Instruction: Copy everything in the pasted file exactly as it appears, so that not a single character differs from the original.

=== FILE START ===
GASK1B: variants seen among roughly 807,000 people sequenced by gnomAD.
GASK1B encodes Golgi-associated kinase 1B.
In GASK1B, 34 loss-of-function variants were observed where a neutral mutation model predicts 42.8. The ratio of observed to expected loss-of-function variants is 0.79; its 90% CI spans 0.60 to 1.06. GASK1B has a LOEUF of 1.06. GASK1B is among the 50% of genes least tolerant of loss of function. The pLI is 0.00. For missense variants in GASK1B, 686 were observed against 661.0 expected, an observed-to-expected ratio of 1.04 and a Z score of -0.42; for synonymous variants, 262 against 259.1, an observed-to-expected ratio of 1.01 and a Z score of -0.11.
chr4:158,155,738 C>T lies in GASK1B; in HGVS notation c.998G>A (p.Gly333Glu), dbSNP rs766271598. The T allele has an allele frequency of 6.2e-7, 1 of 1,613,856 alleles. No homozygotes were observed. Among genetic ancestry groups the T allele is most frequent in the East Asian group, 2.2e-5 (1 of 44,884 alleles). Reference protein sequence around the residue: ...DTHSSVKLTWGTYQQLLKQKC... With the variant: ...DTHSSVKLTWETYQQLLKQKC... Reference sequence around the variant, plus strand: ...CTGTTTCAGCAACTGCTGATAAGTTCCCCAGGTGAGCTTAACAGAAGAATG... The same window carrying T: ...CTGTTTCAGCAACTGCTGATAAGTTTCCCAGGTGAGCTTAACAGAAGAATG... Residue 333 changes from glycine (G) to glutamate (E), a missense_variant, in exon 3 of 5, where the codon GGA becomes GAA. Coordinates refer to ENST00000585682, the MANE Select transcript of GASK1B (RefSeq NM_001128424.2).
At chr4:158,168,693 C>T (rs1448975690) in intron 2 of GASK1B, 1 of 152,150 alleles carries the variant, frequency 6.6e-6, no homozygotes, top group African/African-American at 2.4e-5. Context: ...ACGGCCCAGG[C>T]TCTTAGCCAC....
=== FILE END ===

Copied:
GASK1B: variants seen among roughly 807,000 people sequenced by gnomAD.
GASK1B encodes Golgi-associated kinase 1B.
In GASK1B, 34 loss-of-function variants were observed where a neutral mutation model predicts 42.8. The ratio of observed to expected loss-of-function variants is 0.79; its 90% CI spans 0.60 to 1.06. GASK1B has a LOEUF of 1.06. GASK1B is among the 50% of genes least tolerant of loss of function. The pLI is 0.00. For missense variants in GASK1B, 686 were observed against 661.0 expected, an observed-to-expected ratio of 1.04 and a Z score of -0.42; for synonymous variants, 262 against 259.1, an observed-to-expected ratio of 1.01 and a Z score of -0.11.
chr4:158,155,738 C>T lies in GASK1B; in HGVS notation c.998G>A (p.Gly333Glu), dbSNP rs766271598. The T allele has an allele frequency of 6.2e-7, 1 of 1,613,856 alleles. No homozygotes were observed. Among genetic ancestry groups the T allele is most frequent in the East Asian group, 2.2e-5 (1 of 44,884 alleles). Reference protein sequence around the residue: ...DTHSSVKLTWGTYQQLLKQKC... With the variant: ...DTHSSVKLTWETYQQLLKQKC... Reference sequence around the variant, plus strand: ...CTGTTTCAGCAACTGCTGATAAGTTCCCCAGGTGAGCTTAACAGAAGAATG... The same window carrying T: ...CTGTTTCAGCAACTGCTGATAAGTTTCCCAGGTGAGCTTAACAGAAGAATG... Residue 333 changes from glycine (G) to glutamate (E), a missense_variant, in exon 3 of 5, where the codon GGA becomes GAA. Coordinates refer to ENST00000585682, the MANE Select transcript of GASK1B (RefSeq NM_001128424.2).
At chr4:158,168,693 C>T (rs1448975690) in intron 2 of GASK1B, 1 of 152,150 alleles carries the variant, frequency 6.6e-6, no homozygotes, top group African/African-American at 2.4e-5. Context: ...ACGGCCCAGG[C>T]TCTTAGCCAC....